Type Ia supernovae are some of the most powerful tools for testing different theories of gravity. These supernovae are explosions of massive stars that all look remarkably similar. By measuring how bright a supernova is, we can figure out how far away it is. Type Ia supernovae were used to make the initial discovery of dark energy in 1998. We have since used supernovae to measure the properties of dark energy with better and better precision with the goal of determining what it really is. In our new work, we developed a technique that uses the spectra of Type Ia supernovae to improve how well we can measure the distances to them. Our new technique can measure these distances around twice as well as previous techniques, and our results will be very important for measurements of dark energy with upcoming surveys such as the Legacy Survey of Space and Time (LSST) at the Rubin Observatory, or for the Nancy Grace Roman Space Telescope.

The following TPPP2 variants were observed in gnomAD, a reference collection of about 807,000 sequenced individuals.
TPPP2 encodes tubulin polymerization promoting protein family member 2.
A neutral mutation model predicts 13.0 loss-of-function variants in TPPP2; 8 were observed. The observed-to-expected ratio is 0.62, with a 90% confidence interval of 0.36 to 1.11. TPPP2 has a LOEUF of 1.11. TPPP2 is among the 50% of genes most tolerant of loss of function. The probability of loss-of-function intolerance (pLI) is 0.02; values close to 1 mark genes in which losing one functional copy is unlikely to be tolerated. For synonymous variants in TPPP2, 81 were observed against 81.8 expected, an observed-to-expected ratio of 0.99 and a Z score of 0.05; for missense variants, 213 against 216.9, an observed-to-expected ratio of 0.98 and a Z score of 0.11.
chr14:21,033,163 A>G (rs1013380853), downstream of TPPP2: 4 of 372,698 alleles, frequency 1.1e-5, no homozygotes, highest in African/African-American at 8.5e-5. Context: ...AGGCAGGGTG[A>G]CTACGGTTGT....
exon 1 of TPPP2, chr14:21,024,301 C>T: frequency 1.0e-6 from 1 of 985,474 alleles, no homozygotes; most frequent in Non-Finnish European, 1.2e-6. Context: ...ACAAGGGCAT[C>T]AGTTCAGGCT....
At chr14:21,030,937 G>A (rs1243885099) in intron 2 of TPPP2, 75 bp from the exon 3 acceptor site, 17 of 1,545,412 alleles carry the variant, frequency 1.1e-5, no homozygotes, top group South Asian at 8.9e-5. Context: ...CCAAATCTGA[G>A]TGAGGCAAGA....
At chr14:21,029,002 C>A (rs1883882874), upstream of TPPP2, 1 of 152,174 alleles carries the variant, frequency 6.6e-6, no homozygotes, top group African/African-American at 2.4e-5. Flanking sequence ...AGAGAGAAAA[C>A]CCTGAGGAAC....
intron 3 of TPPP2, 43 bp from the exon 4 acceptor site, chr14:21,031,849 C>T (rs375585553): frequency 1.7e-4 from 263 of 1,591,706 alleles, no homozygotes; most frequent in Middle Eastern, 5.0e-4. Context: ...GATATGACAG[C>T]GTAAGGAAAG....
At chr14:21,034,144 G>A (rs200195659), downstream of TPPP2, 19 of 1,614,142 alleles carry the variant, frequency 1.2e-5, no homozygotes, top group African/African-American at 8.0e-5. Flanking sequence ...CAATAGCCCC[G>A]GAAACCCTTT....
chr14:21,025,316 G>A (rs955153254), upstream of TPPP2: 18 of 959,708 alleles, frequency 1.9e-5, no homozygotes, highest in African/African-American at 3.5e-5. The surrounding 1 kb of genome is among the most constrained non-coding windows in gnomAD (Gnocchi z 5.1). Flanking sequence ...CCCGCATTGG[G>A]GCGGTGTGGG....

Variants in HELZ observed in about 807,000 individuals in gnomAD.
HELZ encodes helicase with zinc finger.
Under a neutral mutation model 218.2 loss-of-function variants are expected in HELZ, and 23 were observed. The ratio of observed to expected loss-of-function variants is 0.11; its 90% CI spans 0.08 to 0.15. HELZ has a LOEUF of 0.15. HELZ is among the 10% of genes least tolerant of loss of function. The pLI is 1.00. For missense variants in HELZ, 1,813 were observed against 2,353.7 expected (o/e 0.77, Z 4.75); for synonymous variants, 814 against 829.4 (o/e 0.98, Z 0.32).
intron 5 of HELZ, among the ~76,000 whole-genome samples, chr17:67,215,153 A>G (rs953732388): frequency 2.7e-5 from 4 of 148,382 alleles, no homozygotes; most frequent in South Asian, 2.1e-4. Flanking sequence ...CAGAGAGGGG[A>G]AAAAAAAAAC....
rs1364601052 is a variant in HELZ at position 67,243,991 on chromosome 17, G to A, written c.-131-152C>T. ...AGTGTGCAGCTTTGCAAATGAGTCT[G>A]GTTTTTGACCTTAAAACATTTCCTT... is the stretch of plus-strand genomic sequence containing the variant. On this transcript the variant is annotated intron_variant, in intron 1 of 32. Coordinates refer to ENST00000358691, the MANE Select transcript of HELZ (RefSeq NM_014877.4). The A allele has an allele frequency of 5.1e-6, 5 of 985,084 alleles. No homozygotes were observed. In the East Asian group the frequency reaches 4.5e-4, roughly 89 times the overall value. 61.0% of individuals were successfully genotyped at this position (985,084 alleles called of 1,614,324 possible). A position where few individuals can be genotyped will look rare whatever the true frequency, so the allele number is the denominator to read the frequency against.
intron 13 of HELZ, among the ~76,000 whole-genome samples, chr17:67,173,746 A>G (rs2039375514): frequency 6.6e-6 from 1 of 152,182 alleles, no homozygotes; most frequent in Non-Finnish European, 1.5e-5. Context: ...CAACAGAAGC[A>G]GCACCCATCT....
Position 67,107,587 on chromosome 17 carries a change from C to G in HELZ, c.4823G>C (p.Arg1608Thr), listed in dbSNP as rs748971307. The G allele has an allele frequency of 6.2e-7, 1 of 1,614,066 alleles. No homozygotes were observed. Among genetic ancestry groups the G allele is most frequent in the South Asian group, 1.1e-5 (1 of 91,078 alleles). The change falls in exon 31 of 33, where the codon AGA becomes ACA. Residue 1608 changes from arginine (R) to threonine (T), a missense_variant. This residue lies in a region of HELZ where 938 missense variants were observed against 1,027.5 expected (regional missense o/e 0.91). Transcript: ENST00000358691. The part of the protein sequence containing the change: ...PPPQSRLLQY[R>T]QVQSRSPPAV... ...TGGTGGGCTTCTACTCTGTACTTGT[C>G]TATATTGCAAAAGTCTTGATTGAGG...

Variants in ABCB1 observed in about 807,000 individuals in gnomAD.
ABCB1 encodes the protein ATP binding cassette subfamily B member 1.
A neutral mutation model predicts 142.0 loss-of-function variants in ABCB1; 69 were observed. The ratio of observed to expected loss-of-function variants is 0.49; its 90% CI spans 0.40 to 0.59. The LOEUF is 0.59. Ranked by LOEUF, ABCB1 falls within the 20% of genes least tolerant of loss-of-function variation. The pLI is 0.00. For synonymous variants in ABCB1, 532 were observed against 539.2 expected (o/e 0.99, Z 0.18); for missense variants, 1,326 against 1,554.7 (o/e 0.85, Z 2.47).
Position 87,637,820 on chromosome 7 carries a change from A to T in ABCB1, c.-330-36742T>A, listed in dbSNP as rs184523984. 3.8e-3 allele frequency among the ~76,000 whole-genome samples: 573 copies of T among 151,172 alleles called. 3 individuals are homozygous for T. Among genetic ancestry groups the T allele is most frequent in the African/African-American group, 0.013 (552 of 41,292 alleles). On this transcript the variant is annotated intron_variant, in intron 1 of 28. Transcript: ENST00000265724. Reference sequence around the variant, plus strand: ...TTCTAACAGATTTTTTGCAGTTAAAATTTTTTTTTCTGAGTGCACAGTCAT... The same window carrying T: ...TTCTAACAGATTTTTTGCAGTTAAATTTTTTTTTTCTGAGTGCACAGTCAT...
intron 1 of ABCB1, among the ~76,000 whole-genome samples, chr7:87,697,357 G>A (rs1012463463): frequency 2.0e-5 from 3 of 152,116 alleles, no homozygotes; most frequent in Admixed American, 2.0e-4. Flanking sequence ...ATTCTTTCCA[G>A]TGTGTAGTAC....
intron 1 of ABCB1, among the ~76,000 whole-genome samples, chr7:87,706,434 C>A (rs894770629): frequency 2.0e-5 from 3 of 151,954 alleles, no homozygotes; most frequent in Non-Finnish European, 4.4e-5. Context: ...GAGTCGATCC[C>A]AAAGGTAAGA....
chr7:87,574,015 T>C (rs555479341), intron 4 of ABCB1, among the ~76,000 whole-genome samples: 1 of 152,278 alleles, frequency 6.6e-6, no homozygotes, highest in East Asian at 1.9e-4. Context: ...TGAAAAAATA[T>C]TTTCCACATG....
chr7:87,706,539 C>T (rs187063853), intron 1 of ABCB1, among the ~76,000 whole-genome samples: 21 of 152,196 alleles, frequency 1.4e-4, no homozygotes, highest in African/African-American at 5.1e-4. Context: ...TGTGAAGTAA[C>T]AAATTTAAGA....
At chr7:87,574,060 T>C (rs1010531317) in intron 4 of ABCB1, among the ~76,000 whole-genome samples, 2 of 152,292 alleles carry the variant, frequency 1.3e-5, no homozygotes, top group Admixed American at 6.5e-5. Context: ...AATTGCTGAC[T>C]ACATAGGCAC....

Kyle Boone is a lead author on two papers published in The Astrophysical Journal that report these findings. Currently a postdoctoral fellow at the University of Washington, his research focuses on developing novel statistical methods for astronomy and cosmology. He is particularly interested in using Type Ia supernovae to probe the accelerated expansion of the universe that we believe is due to some form of “dark energy”. Dr. Boone is a former graduate student of Nobel laureate Saul Perlmutter, the Berkeley Lab senior scientist and UC Berkeley professor who led one of the teams that originally discovered dark energy. Dr. Perlmutter was also a co-author on both studies.